LIVE WEBINAR – GPS vs. Total Stations for Collision Investigation: Which Is Better?

Should you upgrade from your total stations to GNSS technology? This quick review will help you decide.

May 25, 2022  |  1 pm EDT

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    GPS technology—more accurately known as GNSS technology—has advanced significantly over the last decade. With an increased number of satellite systems, more consistent connectivity and sensors that let us tilt the pole and even capture images with our rover, GNSS technology is now one of the fastest and most reliable ways to handle data collection at a crash scene. But how much benefit do you really stand to gain by trading in your total stations for this approach?

    William Henningsen of Collision & Crime Forensic Solutions put the latest technology to the test. In this 60-minute webinar, he’ll walk you through his side-by-side workflow comparison using a GNSS rover and a total station for a collision investigation.

    You'll Learn

    • How much time you can really expect to save with GNSS technology
    • How GNSS can deliver improved safety and data integrity
    • How to eliminate signal obstructions and other challenges
    • How to create compelling scene diagrams quickly and effectively with your GNSS data
    • When total stations might be a better solution – and what you should know about recent technology advances
    • How to build a solid business case and find funding for a technology purchase

    Plus, hear from Pottawattamie County Sheriff’s Office as they share what they’ve learned in their recent transition from total stations to GNSS technology.

    Register now to learn how to stay safer on scene, clear scenes faster, and deliver better results. Can’t attend the live webinar? Register anyway, and we’ll send you a link to the recording.

    About the Instructor

    WH-headshot_square

    William Henningsen is a 25-year veteran of the Omaha Police Department’s Forensic Investigations Unit (FIU) and is a trainer and consultant with Collision & Crime Forensic Solutions (CFS). He is certified as a Forensic Video Technician by the Law Enforcement and Emergency Services Video Association (LEVA). He is also certified as a Forensic Laser Scanner by Leica Geosystems and has been previously certified as a Crime Scene Analyst by the International Association for Identification (IAI). William serves as a Director of the International Association of Forensic and Security Metrology (IAFSM) and has been a member of that organization since its founding. William has been actively engaged in forensic mapping of crime scenes for more than 20 years with a diverse array of equipment. He led his agency in the progression of forensic mapping from pencil and paper to total station surveys to 3D laser scanning.  Most recently, William is engaged in building an sUAS mapping program with the Omaha Police Department that is rigorously compliant with both the FAA’s standards for Public Safety and NIST recommendations. As the manager/director of the Omaha Police Department’s FIU, William supervises a team of certified Crime Scene Investigators and Forensic Analysts at the largest police agency in the state of Nebraska.  In 2017, William led the Omaha Police Department to accreditation under the ISO 17020 standard in Crime Scene Investigation to include Forensic Mapping and Latent Print Examination. William continues to advise outside agencies and private forensic services on how to incorporate best practices in Forensic Mapping and achieve ISO 17020 accreditation. To date, he has been involved in the mapping and processing of 3D laser scan data from over 300 major crime scenes.  His testimony as an expert in the field of 3D laser scanning and data analysis has been accepted in the 4th Judicial District of Nebraska and the District Courts of Minnesota.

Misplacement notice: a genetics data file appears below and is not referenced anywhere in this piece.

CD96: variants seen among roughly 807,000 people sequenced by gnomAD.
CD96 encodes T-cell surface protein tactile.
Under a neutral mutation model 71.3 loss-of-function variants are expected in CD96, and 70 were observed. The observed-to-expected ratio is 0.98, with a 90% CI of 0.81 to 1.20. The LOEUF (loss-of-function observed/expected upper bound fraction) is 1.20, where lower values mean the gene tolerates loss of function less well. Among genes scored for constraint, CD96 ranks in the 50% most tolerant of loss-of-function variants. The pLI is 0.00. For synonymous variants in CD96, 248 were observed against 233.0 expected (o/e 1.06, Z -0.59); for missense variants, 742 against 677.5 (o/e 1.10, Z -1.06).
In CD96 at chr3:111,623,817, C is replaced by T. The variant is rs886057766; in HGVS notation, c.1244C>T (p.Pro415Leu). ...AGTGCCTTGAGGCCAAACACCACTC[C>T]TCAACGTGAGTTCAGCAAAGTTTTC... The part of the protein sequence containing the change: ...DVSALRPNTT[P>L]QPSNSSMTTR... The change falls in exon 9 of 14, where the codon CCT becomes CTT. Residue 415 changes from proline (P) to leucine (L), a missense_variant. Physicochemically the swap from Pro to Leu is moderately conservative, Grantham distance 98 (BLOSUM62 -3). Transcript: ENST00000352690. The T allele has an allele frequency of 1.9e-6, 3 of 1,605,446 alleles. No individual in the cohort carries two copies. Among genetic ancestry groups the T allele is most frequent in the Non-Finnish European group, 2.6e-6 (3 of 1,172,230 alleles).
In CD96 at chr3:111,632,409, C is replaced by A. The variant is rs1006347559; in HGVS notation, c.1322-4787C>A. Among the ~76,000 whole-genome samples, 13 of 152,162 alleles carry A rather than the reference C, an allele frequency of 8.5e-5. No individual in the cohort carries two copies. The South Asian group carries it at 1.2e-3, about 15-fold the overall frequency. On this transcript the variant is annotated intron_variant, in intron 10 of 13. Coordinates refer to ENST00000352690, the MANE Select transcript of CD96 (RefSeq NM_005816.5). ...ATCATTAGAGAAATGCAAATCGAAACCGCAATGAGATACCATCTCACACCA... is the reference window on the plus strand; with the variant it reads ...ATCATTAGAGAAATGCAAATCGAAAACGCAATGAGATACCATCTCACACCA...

To talk to a public safety expert who can guide you on the technology that will help your agency maximize efficiency and effectiveness, please contact us.

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